Well, we lost the fight.

  • Posted on: 19 February 2024
  • By: ibuchanan

Well, we lost the fight.

I spent most of January on it, but was not able to suppress the lace bug. Yes, we knocked them back, twice, with the blast spraying. But they have recovered fast, and in another couple of days will be back to saturation infestation.

All I have managed to do by that effort was delay the final result. by a couple of weeks. This week i noticed in our place the Lace Bug has jumped host to the common Ash trees we have around the place. Now that I am aware of it, I've realized along the Great Alpine Road, in Porepunkah, Bright and Myrtleford, you can see the Lace Bug damage to the old, established Ash trees that are part of the local autumn glamour.

Claret Ash tree in our front yard, heavily infested with Olive lace Bug.
Notice all the leaves on the left-hand side closest the olive grove are the worst affected, and have gone

Its unstoppable, and I am letting the Lace Bug take its course now.

Locally, I am not alone. Almost every grove that I know of is within 50 km is impacted, most to the point of abandoning plans for a harvest.

What happens next?

I am going to run some biological control tests. Lace Bug is an Australian native insect. It has a local predator: Lace Wing. I am waiting for some boxes of Lace Wing larvae to arrive and we will see how they go.

We will build some "insectory" zones with Lace Wing-friendly plants within the grove. This should help the Lace Wing population reproduce. .That will take some time and won't help this year.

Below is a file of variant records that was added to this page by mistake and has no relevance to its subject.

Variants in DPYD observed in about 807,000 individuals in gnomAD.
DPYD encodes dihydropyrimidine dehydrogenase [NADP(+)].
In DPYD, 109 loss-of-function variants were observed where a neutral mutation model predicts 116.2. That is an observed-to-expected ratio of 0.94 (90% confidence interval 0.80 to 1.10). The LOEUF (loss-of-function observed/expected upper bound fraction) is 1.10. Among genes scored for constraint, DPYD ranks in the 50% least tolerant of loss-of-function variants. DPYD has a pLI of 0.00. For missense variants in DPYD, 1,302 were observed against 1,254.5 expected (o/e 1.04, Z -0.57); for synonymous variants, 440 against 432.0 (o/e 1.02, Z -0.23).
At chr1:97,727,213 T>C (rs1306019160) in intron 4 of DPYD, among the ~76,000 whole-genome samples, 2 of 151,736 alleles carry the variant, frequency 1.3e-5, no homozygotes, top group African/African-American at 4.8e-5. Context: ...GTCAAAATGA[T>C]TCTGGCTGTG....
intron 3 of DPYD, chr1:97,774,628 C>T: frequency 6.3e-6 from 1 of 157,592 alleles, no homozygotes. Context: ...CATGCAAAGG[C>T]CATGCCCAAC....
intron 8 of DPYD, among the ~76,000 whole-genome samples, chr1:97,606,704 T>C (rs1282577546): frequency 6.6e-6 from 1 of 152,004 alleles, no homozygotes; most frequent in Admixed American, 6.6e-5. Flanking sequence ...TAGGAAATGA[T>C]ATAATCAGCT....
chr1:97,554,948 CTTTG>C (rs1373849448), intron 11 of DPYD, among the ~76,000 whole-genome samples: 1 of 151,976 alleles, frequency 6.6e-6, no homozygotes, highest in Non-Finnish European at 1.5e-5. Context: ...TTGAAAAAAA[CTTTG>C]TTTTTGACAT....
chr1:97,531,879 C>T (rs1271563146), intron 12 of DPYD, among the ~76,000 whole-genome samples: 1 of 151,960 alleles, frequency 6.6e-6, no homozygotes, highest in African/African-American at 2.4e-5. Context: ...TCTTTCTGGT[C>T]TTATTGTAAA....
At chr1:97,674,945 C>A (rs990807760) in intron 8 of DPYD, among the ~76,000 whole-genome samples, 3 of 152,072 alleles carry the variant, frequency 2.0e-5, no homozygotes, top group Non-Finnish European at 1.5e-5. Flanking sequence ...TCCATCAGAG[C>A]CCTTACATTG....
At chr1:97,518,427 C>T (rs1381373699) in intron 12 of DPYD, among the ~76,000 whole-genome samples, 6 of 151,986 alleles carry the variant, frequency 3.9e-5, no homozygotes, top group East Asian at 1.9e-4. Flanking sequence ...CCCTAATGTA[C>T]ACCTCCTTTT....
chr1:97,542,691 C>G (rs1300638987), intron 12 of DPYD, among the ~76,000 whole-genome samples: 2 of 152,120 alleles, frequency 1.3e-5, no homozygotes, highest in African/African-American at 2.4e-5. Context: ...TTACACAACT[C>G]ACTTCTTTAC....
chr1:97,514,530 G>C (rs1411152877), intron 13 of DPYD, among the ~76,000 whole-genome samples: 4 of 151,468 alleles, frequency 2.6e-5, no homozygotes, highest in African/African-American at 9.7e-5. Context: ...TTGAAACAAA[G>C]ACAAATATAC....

I expect our crop to be severely impacted, and there's a good chance next year's will also suffer as the trees recover.

So, what went wrong?

Prof Robert Spooner-Hart thinks its the result of the La Nina we have experienced providing ideal breeding conditions. Around us we have had an unusually humid, hot summer, which I think has fueled their survival. Next year I will look at an early attack, looking for them in September.

In previous years I have managed to keep them under control with just a small spot-spraying unit and a good eye for bugs. I can blame myself for not doing the job well enough this year, but realistically I don't think it was possible to contain it. Certainly very few other local groves have.

I was exhausted, and pretty distressed at the end of January, and we took a week off, left the farm and went to the coast.

The sea purged my stress, and we are back now and dealing with it all.